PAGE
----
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RE: [F_minor] Slaughterhouse 5

It isn't a great movie; possibly it isn't even a good movie, and though
Glenn Gould's Bach adds an important distinction to it, it's not enough to
spark the whole thing to life.

Which is a terrible shame, because I truly think

The Children's Crusade: A Duty-Dance With Death

is the greatest and most powerful anti-war novel ever written. Where the
movie has such terrible difficulty lumbering off the runway and connecting
with audiences, the novel moves my heart immediately and explosively. Every
year it jumps out of my bookshelf and demands that I read it again, and I
do, and its power has never faded.

Movie and book, these are just MHO, but for those who might be impressed by
such things, the novel found a home in the prestigious Modern Library
imprint, and


has also appeared on Time magazine's list of 100 all-time best
English-language novels written since 1923. (Wikipedia)


But a far more telling and long-lasting critical reception:


Because of its realistic and frequent depiction of swearing by American
soldiers, its irreverent language (including the sentence "The gun made a
ripping sound like the opening of the zipper on the fly of God Almighty,")
and some sexually explicit content, Slaughterhouse-Five is among the most
frequently banned works in American literature, and in some cases is still
removed from school libraries and curricula. Conversely, this book has also
become a part of the curriculum of certain schools. The suitability of the
work has even been considered by the Supreme Court of the United States,
where it was one of the works at issue in Island Trees School District v.
Pico, 457 U.S. 853 (1982). The novel appears on the American Library 
Association list of the 100 Most Frequently Challenged Books of 1990-2000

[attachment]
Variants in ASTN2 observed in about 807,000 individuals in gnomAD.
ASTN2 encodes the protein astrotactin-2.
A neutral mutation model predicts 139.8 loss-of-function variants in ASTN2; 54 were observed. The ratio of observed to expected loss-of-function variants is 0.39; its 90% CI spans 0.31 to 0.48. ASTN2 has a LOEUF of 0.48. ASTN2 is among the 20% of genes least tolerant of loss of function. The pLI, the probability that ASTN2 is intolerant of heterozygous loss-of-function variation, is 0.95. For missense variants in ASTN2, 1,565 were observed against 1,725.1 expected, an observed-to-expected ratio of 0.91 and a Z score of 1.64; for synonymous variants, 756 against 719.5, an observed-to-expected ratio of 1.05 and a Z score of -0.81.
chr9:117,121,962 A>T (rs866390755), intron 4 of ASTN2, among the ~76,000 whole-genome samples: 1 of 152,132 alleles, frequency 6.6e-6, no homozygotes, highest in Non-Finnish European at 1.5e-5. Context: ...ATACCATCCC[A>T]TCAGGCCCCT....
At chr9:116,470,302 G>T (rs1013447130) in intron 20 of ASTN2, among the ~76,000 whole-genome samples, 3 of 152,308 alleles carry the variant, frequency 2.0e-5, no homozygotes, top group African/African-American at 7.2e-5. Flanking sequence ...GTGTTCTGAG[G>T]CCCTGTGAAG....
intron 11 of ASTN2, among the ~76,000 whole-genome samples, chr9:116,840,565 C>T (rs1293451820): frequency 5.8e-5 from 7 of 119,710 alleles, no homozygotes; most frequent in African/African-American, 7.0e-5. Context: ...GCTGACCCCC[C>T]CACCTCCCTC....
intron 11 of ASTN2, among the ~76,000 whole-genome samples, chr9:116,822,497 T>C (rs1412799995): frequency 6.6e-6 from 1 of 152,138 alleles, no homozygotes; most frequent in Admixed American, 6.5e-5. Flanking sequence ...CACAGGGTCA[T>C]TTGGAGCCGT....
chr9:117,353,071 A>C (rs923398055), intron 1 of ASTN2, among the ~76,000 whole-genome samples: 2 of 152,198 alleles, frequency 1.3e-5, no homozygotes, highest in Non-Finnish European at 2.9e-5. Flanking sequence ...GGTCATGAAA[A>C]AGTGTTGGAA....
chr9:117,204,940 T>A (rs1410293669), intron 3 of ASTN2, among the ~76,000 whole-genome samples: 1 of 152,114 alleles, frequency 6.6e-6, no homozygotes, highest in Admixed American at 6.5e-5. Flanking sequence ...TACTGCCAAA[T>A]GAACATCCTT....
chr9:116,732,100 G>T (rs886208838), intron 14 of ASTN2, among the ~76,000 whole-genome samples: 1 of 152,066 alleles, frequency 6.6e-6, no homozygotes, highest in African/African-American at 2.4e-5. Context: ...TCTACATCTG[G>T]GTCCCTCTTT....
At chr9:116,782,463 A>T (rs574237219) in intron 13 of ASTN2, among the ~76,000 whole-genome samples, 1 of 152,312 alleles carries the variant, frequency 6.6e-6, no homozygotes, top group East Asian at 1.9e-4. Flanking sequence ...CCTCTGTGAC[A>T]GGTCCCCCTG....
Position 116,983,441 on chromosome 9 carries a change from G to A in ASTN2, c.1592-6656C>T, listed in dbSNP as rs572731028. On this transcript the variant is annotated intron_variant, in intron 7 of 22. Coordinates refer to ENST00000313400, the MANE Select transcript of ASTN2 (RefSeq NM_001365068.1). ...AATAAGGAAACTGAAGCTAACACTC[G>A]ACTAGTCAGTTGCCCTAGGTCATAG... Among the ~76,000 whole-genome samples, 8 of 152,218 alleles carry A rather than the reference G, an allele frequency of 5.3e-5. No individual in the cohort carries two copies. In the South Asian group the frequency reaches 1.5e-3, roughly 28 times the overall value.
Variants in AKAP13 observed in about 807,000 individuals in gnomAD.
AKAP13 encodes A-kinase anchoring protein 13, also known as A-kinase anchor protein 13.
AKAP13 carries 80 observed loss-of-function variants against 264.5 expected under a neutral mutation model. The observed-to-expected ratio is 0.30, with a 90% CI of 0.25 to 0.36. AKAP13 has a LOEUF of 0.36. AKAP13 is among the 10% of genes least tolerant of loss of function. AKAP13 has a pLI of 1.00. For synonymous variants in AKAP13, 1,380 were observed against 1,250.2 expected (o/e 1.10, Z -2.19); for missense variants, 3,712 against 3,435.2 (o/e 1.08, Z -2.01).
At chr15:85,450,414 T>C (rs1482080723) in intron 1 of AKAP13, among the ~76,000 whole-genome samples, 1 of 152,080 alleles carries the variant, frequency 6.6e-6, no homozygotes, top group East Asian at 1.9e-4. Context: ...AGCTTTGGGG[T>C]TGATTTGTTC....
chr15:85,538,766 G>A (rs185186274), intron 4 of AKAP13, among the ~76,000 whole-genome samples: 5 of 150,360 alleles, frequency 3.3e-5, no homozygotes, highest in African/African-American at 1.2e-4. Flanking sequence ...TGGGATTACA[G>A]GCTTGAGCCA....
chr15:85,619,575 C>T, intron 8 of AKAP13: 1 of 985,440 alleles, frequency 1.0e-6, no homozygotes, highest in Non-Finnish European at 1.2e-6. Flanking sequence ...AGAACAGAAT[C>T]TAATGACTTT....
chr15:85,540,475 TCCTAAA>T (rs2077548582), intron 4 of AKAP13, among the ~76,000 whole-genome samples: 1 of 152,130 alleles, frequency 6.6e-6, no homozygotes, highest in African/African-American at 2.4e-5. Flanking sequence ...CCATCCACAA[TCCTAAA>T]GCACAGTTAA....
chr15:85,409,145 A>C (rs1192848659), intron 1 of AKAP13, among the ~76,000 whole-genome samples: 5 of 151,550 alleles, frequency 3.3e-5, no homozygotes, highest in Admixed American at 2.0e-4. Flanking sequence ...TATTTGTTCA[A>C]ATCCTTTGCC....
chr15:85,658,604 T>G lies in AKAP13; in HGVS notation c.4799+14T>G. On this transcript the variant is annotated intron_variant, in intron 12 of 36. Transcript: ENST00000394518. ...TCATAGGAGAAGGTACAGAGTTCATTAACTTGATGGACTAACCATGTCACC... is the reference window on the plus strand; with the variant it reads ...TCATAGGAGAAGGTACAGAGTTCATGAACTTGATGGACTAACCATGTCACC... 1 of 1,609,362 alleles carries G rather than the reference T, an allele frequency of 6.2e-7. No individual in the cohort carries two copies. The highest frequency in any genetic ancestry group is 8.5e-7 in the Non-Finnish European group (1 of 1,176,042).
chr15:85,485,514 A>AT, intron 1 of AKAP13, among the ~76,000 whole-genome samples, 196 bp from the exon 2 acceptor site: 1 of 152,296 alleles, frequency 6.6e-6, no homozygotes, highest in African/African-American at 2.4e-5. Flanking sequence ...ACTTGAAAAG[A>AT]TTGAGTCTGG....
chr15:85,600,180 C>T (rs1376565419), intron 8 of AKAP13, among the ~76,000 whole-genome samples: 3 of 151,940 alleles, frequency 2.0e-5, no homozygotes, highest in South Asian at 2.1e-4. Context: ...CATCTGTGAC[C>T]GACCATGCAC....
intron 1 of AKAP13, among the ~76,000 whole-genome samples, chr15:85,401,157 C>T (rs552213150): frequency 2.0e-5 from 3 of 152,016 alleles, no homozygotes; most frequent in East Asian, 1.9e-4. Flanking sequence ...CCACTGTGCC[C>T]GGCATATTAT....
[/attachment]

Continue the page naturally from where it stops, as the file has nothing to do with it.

at number sixty-nine. (Wikipedia)


So much time has passed since the novel was published (1969, that's a lot,
right?) that an important element of its context has drifted away and may
be far less clear and evident to new readers. 

Though the core of the novel is the World War II Allied firebombing of the
German city of Dresden, which Vonnegut, a 22-year-old American soldier and
prisoner of war, witnessed and survived, it was very clearly Vonnegut's
outraged attack not just on war in general, but specifically against the
Vietnam War, which had reached its most ferocious intensity in 1969. 

Dresden's contribution to the German war effort was its centuries-old 
industry of manufacturing gorgeous ceramic figurines. Only very recently
has the Allied rationale for the raids become slightly less mysterious.
Apparently the idea was to flood German highways and roads with civilian
refugees for weeks as the Soviet Army marched westward toward Berlin, and
thus impede war transport.

The Anglo-American physicist Freeman Dyson's first post-university job was
with the British Air Ministry during World War II. In his memoir
"Disturbing the Universe," he skips the British firebombing of Dresden,
because, he explains, Kurt Vonnegut had already said everything that could
possibly be said about it.

A great deal has been written about Dresden, nearly all of it from the
perspective of bombers in the sky looking down. "Slaughterhouse Five" is
the lone witness of someone on the ground looking up. Not very many people
with that perspective survived.
The tactic of firebombing a city is to use magnesium and phosphorous bombs
whose fierce and inextinguishable high-temperature burning literally sucks
the oxygen from the city. Most victims (40,000 is a conservative figure for
Dresden) suffocate or, in Vonnegut's brutal witness, are cooked.

"Slaughterhouse Five" appears to be a science fiction novel, and a not very
high-class or good one at that. It is designed to be confusing,
off-putting, even dismissible by readers who come to it with the finest
preconceptions of what a great novel with a great theme and great purpose
should be. You expect "All Quiet on the Western Front," and find yourself
in a carnival freak show about a time-traveller (Billy Pilgrim, a suburban
optometrist) who ping-pongs between his soldiering experiences in 1944,
American family life in the 1960s, and the planet Tralfamadore, where he is
exhibited in a zoo cage with Montana Wildhack, an American porn star.

All of which make entirely the same sense, and are equal adornments to
civilization, reason and culture, as the firebombing of Dresden, the
Vietnam War, and the Iraq War.

Vonnegut may have had more to do with the Gould soundtrack than Gould.
Wikipedia again:


Near the end of his life Vonnegut said that his epitaph ought to read: "The
only proof he needed for the existence of God was music."


Bob Merkin
Northampton Massachusetts USA

(In his final years, to be near his daughter and grandchildren, Vonnegut
was my townsman and neighbor.)

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